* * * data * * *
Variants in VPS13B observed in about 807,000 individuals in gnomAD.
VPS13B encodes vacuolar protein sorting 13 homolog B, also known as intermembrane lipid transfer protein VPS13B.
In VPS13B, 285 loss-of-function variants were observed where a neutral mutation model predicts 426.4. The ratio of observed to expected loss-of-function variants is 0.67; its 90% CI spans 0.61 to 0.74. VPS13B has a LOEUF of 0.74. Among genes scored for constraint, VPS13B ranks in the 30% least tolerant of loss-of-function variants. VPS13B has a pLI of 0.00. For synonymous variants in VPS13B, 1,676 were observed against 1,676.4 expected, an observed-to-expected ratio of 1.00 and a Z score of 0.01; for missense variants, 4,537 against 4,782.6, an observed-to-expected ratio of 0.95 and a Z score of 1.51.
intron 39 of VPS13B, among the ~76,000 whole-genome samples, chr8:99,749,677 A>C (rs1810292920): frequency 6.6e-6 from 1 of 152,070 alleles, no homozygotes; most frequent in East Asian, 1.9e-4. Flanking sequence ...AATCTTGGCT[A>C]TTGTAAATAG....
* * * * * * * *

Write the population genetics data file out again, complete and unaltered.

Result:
Variants in VPS13B observed in about 807,000 individuals in gnomAD.
VPS13B encodes vacuolar protein sorting 13 homolog B, also known as intermembrane lipid transfer protein VPS13B.
In VPS13B, 285 loss-of-function variants were observed where a neutral mutation model predicts 426.4. The ratio of observed to expected loss-of-function variants is 0.67; its 90% CI spans 0.61 to 0.74. VPS13B has a LOEUF of 0.74. Among genes scored for constraint, VPS13B ranks in the 30% least tolerant of loss-of-function variants. VPS13B has a pLI of 0.00. For synonymous variants in VPS13B, 1,676 were observed against 1,676.4 expected, an observed-to-expected ratio of 1.00 and a Z score of 0.01; for missense variants, 4,537 against 4,782.6, an observed-to-expected ratio of 0.95 and a Z score of 1.51.
intron 39 of VPS13B, among the ~76,000 whole-genome samples, chr8:99,749,677 A>C (rs1810292920): frequency 6.6e-6 from 1 of 152,070 alleles, no homozygotes; most frequent in East Asian, 1.9e-4. Flanking sequence ...AATCTTGGCT[A>C]TTGTAAATAG....